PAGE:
After a year or so of hanging out in the H'uru IRC channels, and when the GameTap Uru-revival beta was starting in 2006, I started also hanging out in the CyanChat room. This was a Cyan's official chat room, built with Java Applets and using a custom ASCII protocol, but there were a few 3rd party chat clients available.

In addition to introducing me to a great group of people, CyanChat also gave me another opportunity to explore programming and software development. Writing my own CyanChat client was my first introduction to the idea of sockets, and I wrote or contributed to chat clients written in C#, Python, Perl, Ruby, C/C++, and JavaScript over the years. I wrote a CyanChat plugin for the open-source Pidgin messenger at one point, and started following the open-source development on that project. I can't say there's a definite correlation, but I will say that I haven't picked up any new programming languages since CyanChat shut down. Coincidence?

I've written a little bit previously about the personal impact of CyanChat and that group of people on my life. I'm incredibly thankful to have been in the right place at the right time to meet such supportive friends while going through high school and university. It was great to finally attend the Mysterium convention this year and meet some of them in person.

Developing as a developer

Nearing the end of high school in 2009, I knew that software development was something I wanted to explore further as a career. I was heavily involved in managing my school website at the time, and learning Linux and system administration skills, while also working on Uru tools with libHSPlasma. I had an advantage in university because I already understood a lot of the concepts in programming, and I had a long list of projects and open-source contributions on my résumé when applying for co-op internship positions.

It's because of that experience that I was hired at Ayogo, where I've worked for over a decade, and where jumping between languages and diving into unfamiliar code to troubleshoot has been an extremely useful skill.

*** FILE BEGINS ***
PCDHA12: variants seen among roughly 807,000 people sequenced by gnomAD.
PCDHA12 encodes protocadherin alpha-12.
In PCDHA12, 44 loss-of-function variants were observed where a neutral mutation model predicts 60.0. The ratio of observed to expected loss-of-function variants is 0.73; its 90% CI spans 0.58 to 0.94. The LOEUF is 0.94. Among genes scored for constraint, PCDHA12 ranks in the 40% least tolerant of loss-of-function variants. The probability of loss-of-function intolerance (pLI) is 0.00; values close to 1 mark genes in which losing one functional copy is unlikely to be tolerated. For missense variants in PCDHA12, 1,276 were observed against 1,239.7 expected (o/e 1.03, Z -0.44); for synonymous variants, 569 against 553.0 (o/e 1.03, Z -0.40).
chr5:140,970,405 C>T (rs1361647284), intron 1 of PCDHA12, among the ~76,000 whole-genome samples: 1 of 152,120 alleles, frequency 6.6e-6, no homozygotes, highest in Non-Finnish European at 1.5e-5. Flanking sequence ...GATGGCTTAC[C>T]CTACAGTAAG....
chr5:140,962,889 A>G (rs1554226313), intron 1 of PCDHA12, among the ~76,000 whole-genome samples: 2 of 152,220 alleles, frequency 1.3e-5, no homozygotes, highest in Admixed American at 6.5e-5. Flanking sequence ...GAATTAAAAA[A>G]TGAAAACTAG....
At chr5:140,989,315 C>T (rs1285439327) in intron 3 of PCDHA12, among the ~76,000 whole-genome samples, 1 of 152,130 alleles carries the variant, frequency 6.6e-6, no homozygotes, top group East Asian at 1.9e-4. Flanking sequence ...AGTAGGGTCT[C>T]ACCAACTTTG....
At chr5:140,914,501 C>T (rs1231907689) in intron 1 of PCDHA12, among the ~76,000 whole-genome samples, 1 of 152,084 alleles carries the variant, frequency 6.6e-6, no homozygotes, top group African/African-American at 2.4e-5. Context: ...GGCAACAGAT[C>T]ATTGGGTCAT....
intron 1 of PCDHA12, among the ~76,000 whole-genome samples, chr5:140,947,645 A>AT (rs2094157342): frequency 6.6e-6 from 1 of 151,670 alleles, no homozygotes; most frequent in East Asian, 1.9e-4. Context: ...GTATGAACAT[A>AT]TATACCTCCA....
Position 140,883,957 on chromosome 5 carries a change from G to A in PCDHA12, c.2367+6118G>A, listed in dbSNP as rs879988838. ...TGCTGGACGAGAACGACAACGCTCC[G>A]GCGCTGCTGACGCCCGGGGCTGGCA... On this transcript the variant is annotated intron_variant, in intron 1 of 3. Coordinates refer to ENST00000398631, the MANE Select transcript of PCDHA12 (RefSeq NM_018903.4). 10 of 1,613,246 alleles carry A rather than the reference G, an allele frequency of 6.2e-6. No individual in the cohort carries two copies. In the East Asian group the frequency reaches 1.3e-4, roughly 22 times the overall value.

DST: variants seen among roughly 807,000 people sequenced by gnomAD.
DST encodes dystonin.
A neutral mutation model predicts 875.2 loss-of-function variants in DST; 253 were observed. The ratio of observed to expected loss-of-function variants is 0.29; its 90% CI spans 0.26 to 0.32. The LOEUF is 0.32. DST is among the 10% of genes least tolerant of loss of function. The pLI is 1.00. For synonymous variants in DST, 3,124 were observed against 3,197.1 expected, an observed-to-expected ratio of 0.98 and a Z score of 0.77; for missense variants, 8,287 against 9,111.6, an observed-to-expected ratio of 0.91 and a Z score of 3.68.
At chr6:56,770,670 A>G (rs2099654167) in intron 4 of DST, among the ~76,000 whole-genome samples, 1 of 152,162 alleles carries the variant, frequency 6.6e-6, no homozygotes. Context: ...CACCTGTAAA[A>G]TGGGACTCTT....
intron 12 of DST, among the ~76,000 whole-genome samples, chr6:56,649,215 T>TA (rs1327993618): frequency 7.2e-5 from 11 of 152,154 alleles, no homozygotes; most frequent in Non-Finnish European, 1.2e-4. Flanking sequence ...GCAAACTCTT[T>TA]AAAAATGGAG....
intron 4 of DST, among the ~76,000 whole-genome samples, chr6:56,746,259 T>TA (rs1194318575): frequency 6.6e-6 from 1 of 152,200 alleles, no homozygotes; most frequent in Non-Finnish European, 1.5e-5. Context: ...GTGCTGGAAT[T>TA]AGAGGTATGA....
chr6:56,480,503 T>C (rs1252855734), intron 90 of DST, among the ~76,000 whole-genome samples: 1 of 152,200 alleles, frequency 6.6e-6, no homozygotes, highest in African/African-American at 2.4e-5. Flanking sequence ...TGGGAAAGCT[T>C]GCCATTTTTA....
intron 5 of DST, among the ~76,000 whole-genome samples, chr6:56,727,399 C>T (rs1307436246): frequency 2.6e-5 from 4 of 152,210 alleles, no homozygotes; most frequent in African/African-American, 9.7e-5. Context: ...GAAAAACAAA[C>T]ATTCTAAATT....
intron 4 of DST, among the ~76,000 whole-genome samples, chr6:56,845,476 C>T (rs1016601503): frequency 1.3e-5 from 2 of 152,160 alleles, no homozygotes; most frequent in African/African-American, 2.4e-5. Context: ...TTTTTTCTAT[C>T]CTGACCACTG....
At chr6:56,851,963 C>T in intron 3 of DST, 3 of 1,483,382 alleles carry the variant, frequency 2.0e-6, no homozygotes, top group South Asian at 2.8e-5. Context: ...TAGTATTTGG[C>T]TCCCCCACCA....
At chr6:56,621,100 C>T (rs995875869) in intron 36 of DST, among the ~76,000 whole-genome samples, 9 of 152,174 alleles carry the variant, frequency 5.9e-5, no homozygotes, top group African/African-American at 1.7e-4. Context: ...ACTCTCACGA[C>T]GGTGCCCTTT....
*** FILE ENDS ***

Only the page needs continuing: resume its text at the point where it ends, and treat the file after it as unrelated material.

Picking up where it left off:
Almost all the development work on Uru tools has been open-source with a distributed team, relying on IRC (and more recently also Discord) for coordination. That style of collaborative development and comfort with open-source communities has led me to contribute to numerous other projects, including Apache Cordova, and opened up countless opportunities for me.

Giving thanks

I wouldn't be the person I am today, or have the skills and experience or career that I do today, without Uru. So many of the things in my life can be directly traced back to this game.

I owe thanks to the H'uru folks (many of whom are no longer active) for the encouragement and mentorship when starting on my coding journey, to the Uru community for keeping the game going all these years. A special shout-out to Cyan's Mark DeForest as well: Back around early 2008 I sent him an email asking a technical question about how something in Uru worked, with the goal of implementing that feature in the pyprp Blender plugin. He replied with a full explanation of the feature and some recommendations for exposing it to artists, and it meant so much to me that he took the time to respond and offer encouragement to me as a 16-year-old emailing out of the blue.

I'm not one to predict the future, but there is some exciting work happening in the open-source Uru codebase that I hope people will get to experience soon. I continue to work (at the speed of molasses) on the Linux and OpenGL port, and that project is yet another example of how this game pushes me to pick up new skills and experience.